I prefer to call it Restraint, but let’s be clear, by whatever label America is pulling back. The formula is cut taxes, increase social spending, and increase defense spending to get a soaring deficit and a return to a saner American security policy. President Reagan stumbled upon the basics. He came to office determined to cut taxes, cut social program spending, and increase defense spending. Taxes were cut and defense spending increased, producing what is known as the Reagan Buildup, which many on the Right claim forced a Soviet collapse as they tried to compete militarily and gave us the happy end to the Cold War. But Reagan discovered he could not manage to cut social spending directly, the opposition by the Democrats being too stout. The combination of high defense spending and reduced taxes, however, produced a substantial government deficit that came to dominant American national politics and soon led to a flattening of spending on social programs, good enough for most Republican.
The by the end of the Clinton years expanding budget surpluses were at hand, as the political pressures to deal with the Reagan induced deficit had generated increased taxes, tamed social spending (some serious welfare reform), and with the end of the Cold War, the opportunity for substantial reductions in defense spending, about a third of the defense budget in total. The surpluses gave President George W. Bush the possibility to respond to the 9/11 attacks and the brief recession that followed them by dramatically increasing defense spending while cutting taxes and ignoring increases in social spending, especially health care spending, that the Democrats had built into future budgets during the 1990s. Social spending received further boosts from the aging of the American population, advances in medical technologies which boost health care costs, and George W, Bush’s desire to gain reelection through compassionate conservativism revisited –government giveaways at taxpayer expense such as a new drug benefit for the elderly and increased federal spending for local and state provided education. The wars in Afghanistan and Iraq were conducted without tax increases, their costs largely transferred to future generations. In fact, the now haunting second round of Bush tax cuts followed as did a very severe recession that further reduced government revenues and forced huge efforts to save the banks and other parts of the financial system imploding.
Gone were the surpluses that Clinton bequeathed. Bush ran through them and much more. Barak Obama was elected with his own particular agenda, but came to follow tightly the Bush formula. The wars continued with cutbacks in Iraq more than matched by increased costs in Afghanistan, the surge in troops and the deficit. Obama had his signature health care reform to enact which combined with additional stimulus spending so upset Republicans that they mobilized to win control of the House of Representatives in the succeeding congressional election, forcing the renewal of the Bush tax cuts. The ballooning deficit is the core issue in the politics of today. Although America has no difficulty in financing the deficit, it is the club by which both political parties bludgeon each other. The Democrats want to protect social programs and thus demand tax increases and/or defense cuts though the later is more quietly expressed than the former as Democrats still worry about their perception as anti-war types. The Republicans want to enact more tax cuts and decrease spending for social programs while protecting the defense budget (an old weapon against Democrats). Together they have so frightened the public that choices will have to be made. People feel that disaster lies ahead unless the deficit is controlled. Normal growth plus withdrawal from Afghanistan would do much to right the situation were not the recovery from the current severe recession delayed by the uncertainty of which side will win.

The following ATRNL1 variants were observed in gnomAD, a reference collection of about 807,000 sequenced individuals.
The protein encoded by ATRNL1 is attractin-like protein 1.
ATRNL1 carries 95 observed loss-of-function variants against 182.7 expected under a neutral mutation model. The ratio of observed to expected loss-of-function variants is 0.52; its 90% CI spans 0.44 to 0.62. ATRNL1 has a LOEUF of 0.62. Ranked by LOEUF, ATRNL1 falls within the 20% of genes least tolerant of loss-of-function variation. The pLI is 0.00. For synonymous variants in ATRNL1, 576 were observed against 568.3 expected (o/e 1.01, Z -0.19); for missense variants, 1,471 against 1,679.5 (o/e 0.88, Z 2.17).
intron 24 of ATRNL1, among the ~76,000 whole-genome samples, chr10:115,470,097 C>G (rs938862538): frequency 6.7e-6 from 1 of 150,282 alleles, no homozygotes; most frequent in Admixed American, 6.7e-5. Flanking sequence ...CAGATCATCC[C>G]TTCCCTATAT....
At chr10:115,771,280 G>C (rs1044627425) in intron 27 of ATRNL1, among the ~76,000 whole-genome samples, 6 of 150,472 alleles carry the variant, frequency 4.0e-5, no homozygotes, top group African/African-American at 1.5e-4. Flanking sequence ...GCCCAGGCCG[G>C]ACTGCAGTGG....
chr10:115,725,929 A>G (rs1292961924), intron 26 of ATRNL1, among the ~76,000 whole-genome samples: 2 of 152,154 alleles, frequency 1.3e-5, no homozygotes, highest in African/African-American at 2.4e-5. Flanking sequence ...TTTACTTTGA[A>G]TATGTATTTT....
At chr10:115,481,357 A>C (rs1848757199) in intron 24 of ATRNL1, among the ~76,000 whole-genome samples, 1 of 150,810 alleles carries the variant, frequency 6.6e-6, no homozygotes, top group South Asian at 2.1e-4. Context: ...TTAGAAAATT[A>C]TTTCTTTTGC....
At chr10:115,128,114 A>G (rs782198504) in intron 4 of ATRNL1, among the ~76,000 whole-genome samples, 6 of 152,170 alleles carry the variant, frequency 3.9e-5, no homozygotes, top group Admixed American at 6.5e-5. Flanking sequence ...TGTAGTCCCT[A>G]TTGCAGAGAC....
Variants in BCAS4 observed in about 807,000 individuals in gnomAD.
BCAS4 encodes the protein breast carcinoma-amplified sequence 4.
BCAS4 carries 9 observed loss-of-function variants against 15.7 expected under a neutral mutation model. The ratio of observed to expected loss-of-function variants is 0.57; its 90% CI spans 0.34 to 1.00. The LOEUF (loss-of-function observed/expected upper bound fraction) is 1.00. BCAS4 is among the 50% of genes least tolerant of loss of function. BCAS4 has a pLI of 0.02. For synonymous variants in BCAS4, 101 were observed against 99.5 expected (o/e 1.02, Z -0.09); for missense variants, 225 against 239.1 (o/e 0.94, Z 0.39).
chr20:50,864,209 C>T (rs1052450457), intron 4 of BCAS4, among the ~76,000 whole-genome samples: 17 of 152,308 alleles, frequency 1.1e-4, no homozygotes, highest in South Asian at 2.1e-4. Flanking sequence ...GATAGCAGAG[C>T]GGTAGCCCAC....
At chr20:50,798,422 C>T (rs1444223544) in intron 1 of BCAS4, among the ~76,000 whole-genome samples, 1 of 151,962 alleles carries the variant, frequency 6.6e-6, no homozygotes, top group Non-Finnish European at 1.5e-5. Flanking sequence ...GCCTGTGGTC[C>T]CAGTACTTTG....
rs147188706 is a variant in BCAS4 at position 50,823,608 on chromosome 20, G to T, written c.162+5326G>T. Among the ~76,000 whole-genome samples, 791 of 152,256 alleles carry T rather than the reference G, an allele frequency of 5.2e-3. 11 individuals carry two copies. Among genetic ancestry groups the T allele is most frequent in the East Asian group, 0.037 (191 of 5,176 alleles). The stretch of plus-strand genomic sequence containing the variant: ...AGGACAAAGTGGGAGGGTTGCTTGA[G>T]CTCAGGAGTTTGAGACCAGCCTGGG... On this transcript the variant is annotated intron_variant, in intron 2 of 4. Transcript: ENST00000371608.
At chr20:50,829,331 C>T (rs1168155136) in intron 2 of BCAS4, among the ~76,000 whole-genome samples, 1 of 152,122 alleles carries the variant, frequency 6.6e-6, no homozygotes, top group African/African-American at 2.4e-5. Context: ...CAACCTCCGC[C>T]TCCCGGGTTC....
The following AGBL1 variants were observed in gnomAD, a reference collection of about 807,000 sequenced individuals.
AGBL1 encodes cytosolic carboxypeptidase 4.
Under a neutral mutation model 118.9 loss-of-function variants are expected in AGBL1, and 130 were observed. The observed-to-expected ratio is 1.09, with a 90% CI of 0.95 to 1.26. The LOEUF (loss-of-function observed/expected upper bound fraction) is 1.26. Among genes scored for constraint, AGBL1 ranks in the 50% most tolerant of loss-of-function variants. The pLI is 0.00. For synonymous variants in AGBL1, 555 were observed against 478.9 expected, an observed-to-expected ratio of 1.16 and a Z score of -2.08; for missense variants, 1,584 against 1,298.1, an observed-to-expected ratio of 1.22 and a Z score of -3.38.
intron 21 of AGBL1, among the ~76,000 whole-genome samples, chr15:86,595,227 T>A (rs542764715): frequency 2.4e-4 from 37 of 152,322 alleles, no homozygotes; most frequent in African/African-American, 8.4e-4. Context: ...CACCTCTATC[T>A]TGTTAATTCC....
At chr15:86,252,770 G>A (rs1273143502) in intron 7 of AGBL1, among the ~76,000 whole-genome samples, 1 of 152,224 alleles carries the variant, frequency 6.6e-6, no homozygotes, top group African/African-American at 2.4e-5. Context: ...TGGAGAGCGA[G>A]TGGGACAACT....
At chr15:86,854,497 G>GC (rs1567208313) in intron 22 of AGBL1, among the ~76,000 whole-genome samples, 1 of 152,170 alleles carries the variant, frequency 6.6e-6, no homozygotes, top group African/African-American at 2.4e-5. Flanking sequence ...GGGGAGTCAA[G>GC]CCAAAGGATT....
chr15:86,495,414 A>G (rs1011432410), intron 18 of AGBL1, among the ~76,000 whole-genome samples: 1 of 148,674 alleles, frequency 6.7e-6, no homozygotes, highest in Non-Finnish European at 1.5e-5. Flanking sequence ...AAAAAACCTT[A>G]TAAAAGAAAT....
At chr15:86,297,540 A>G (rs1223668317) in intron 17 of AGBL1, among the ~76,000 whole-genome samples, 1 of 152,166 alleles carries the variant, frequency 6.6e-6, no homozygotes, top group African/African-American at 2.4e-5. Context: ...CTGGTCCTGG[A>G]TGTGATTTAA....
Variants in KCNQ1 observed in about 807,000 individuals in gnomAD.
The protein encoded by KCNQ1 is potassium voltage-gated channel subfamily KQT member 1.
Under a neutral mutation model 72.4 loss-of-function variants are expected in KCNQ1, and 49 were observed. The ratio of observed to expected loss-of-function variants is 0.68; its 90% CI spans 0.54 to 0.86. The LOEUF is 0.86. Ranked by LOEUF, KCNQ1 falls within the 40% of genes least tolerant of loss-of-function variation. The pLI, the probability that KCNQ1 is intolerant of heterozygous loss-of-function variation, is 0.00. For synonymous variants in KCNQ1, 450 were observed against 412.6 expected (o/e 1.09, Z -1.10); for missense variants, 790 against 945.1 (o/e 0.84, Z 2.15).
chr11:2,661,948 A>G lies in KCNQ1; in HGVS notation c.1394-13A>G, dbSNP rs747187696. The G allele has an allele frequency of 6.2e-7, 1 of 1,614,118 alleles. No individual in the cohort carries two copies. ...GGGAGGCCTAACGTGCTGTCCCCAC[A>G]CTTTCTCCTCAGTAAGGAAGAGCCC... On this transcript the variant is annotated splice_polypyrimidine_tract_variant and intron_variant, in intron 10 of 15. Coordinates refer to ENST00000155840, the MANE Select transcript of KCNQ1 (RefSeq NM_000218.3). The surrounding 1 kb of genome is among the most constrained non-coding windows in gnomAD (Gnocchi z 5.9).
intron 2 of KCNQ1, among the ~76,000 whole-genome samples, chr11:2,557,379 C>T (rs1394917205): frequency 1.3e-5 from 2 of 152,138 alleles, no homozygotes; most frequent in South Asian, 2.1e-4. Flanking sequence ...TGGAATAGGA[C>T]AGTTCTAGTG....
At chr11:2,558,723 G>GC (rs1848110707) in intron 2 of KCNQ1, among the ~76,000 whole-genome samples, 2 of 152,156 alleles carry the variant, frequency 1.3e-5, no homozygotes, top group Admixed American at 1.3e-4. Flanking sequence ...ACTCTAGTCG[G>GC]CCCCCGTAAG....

The likely outcome is defense cuts and a pulling back from at least some of the international meddling that tempts the United States. With an aging population social programs can only expand as many of them serve the American middle class which is the bulk of the American population, Republican or Democrat. The middle class also pays the bulk of the taxes and believes that it is burdened too much by taxes. The American political system is quite responsive if a bit chaotic. Americans want subsidized retirements, housing, and health care and do not want to be taxed for it. Defense is a subsidy, at least in part, for middle class Europeans and Asians to avoid having to pay for their security. They do not get much of a vote in American elections as disappointing as that might be to some. Make deficits the central issue in American politics and defense cuts will be the outcome. The bigger the deficit issue, the bigger the cuts. The bigger the cuts, the more we cannot afford the forward presence, the constant management of regional security far from American borders, and the free riding of friends. The oceans are big and protect America from much of the world’s turmoil. Being on American side of them is cheaper than being on the other side and wiser too. America is coming home thanks to the government’s budget deficit.